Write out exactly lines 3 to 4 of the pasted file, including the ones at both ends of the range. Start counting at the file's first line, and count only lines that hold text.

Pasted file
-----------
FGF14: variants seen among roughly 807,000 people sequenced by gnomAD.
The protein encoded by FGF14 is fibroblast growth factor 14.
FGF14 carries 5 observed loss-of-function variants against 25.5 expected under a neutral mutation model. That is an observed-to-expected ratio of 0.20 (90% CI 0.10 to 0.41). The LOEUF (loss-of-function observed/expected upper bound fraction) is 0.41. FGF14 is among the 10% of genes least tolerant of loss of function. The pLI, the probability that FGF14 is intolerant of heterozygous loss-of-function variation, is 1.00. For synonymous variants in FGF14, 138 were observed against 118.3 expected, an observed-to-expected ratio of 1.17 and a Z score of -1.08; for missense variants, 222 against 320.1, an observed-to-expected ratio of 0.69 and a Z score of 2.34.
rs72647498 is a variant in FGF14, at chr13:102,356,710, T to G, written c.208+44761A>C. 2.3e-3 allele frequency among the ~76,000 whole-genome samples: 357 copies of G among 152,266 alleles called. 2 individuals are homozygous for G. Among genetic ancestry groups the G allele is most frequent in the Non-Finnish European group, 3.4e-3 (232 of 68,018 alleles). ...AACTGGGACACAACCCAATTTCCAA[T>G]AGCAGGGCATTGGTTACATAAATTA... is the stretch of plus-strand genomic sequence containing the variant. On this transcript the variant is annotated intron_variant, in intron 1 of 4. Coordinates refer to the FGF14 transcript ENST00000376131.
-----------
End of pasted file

FGF14 carries 5 observed loss-of-function variants against 25.5 expected under a neutral mutation model. That is an observed-to-expected ratio of 0.20 (90% CI 0.10 to 0.41). The LOEUF (loss-of-function observed/expected upper bound fraction) is 0.41. FGF14 is among the 10% of genes least tolerant of loss of function. The pLI, the probability that FGF14 is intolerant of heterozygous loss-of-function variation, is 1.00. For synonymous variants in FGF14, 138 were observed against 118.3 expected, an observed-to-expected ratio of 1.17 and a Z score of -1.08; for missense variants, 222 against 320.1, an observed-to-expected ratio of 0.69 and a Z score of 2.34.
rs72647498 is a variant in FGF14, at chr13:102,356,710, T to G, written c.208+44761A>C. 2.3e-3 allele frequency among the ~76,000 whole-genome samples: 357 copies of G among 152,266 alleles called. 2 individuals are homozygous for G. Among genetic ancestry groups the G allele is most frequent in the Non-Finnish European group, 3.4e-3 (232 of 68,018 alleles). ...AACTGGGACACAACCCAATTTCCAA[T>G]AGCAGGGCATTGGTTACATAAATTA... is the stretch of plus-strand genomic sequence containing the variant. On this transcript the variant is annotated intron_variant, in intron 1 of 4. Coordinates refer to the FGF14 transcript ENST00000376131.